“When they can’t bear the truth, they destroy it.”
Over the years, Pakistan has continued to ban movies that actually matter. It’s almost as if Pakistan is trying its very best to constantly keep the truth hidden. To not let anyone speak against what they think should be spoken. No politician or person in power ever talks about violence against women. The media doesn’t cover it either. When the entertainment industry finally decides to bring light to the issue by creating a movie about it, the movie gets banned?
“Verna” is a Pakistani film set to release in November – or at least, was. It’s a movie about a school teacher, played by Mahira Khan, who gets raped and decides to take action. It’s a Shoaib Mansoor movie, and he has previously created movies “Khuda Ke Liye” (In the Name of God) and “Bol” (Speak), that tackle issues such as sexism, religion, and power. The censor board has chosen to ban the movie because it “explicitly” shows violence against women. What were they expecting? A woman and a man dancing in a ballroom? A movie that is about violence against women will understandably show violence against women. That’s the entire point. Violence against women is a serious issue. If it can include blood and tears in real life, a movie about it should have blood and tears, too.
Previously, another Pakistani movie called “Maalik” (Owner) was banned in Pakistan, because it showed the truth about politicians in Pakistan. The movie was the story of a man who was hired as a bodyguard for a politician in Pakistan, and saw the life of that politician firsthand. The movie boldly portrayed the ugly truth: how corrupted Pakistan really is. It portrayed how politicians in Pakistan used their power in a negative way, and how they would do anything it takes to keep that power. They’d kill, lie, rape, etc. It was banned for a year before it was supposedly put on the internet.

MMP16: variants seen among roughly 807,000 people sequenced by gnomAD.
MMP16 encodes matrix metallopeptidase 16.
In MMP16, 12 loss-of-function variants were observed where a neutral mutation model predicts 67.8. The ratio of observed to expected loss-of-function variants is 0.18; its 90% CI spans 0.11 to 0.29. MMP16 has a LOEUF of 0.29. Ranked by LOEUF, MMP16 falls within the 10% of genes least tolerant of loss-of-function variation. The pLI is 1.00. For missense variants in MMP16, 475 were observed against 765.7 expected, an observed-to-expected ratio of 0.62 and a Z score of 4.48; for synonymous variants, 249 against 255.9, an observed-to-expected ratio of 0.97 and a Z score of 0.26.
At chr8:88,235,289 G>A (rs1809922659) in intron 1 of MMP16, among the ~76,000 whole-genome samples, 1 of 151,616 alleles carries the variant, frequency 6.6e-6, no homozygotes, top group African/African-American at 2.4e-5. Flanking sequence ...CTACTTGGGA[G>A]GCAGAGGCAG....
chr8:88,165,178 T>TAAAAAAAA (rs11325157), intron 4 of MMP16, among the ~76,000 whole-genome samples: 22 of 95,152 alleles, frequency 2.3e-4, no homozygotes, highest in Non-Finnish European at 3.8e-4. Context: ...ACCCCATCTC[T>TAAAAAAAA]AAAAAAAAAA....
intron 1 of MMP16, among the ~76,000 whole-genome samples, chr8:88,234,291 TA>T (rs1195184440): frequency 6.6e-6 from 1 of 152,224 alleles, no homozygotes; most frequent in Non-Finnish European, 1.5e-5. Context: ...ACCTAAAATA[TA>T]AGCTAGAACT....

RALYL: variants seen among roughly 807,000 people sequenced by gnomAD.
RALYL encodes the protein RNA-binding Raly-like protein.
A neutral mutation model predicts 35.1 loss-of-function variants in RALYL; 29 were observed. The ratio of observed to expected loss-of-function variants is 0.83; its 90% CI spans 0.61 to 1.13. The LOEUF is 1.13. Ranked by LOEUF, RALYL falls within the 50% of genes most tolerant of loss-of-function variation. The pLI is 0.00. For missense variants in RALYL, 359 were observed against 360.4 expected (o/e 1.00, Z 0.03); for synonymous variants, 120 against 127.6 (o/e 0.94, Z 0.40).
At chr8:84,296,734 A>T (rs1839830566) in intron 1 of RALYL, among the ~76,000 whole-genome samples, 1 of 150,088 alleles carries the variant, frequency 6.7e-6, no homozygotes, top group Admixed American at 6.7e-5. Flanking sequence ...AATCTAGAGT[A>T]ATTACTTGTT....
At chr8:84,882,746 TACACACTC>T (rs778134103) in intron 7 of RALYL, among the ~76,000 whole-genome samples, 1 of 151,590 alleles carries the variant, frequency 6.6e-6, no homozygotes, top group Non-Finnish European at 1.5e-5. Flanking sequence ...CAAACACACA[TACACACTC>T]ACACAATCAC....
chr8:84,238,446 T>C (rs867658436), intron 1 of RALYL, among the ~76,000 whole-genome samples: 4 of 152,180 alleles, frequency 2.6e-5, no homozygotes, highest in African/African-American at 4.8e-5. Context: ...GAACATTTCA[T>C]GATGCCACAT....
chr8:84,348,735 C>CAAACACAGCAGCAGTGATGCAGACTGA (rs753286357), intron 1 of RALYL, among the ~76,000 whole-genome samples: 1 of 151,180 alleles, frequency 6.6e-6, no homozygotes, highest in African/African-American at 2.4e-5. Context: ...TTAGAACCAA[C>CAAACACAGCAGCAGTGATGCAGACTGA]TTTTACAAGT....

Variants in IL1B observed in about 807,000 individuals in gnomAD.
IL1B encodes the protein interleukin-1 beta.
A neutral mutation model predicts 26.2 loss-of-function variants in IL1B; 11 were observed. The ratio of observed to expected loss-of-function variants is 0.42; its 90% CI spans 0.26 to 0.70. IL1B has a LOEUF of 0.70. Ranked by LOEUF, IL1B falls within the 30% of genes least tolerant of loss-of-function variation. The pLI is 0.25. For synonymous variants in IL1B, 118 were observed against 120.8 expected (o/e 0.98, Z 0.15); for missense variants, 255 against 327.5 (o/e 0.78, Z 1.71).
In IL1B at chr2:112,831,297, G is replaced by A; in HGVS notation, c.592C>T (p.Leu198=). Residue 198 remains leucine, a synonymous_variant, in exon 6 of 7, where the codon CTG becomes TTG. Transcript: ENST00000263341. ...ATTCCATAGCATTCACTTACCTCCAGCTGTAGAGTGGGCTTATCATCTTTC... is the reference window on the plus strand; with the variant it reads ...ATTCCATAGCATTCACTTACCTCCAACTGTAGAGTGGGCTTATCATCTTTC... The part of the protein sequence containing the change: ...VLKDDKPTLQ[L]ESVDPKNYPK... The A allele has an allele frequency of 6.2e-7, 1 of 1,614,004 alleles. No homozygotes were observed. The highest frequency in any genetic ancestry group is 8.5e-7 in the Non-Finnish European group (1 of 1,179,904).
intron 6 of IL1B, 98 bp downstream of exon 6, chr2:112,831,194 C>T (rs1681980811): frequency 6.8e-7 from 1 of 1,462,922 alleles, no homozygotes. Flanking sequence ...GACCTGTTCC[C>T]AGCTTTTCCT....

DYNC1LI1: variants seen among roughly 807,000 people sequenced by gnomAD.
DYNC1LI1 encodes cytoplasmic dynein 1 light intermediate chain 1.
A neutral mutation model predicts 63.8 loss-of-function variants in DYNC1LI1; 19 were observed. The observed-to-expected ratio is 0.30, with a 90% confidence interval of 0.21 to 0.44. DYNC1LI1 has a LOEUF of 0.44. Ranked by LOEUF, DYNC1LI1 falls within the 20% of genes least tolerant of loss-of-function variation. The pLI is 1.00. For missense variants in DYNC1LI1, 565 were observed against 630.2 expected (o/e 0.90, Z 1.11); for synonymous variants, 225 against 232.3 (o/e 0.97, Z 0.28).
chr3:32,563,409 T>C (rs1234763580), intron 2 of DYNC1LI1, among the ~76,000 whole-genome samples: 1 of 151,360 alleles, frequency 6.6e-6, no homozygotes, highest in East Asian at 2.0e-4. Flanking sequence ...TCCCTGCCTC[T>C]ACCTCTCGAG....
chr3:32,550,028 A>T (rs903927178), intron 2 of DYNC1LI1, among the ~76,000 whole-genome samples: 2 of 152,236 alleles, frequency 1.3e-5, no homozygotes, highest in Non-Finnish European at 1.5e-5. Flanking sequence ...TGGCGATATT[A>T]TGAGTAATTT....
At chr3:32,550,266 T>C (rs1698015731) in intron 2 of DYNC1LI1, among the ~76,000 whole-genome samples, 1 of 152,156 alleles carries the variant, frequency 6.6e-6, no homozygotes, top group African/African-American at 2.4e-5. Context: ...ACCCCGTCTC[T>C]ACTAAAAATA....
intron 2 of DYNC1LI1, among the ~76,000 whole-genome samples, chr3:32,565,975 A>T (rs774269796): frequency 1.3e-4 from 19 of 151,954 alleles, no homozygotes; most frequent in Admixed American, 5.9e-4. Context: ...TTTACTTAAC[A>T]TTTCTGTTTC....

The censor board fails to understand the impact of movies on the youth. Most people don’t read the news or keep up with current events, but they do watch movies; that’s exactly why it’s so important for movies to tackle issues like rape. One movie about violence against women will raise more awareness in the youth than a hundred articles or a thousand documentaries ever will. Nobody sits down on a free day and thinks “Oh, I have some free time, how about I read an article online!” A hundred people might read this article, but millions will watch that movie. That’s the power of the entertainment industry right there. When people in that industry choose to use their power in a positive way to bring light to problems that are not discussed, they should be allowed to, if not encouraged.
When the censor board bans a movie that raises awareness on violence against women, the censor board is banning women’s rights and promoting violence, which is wrong altogether. If you’re not speaking up yourself, don’t hold others back from doing so. It’s time to let people share their stories and their truths, no matter how “vulnerable” or “taboo” the subject is or how “explicit” their way of showing you is.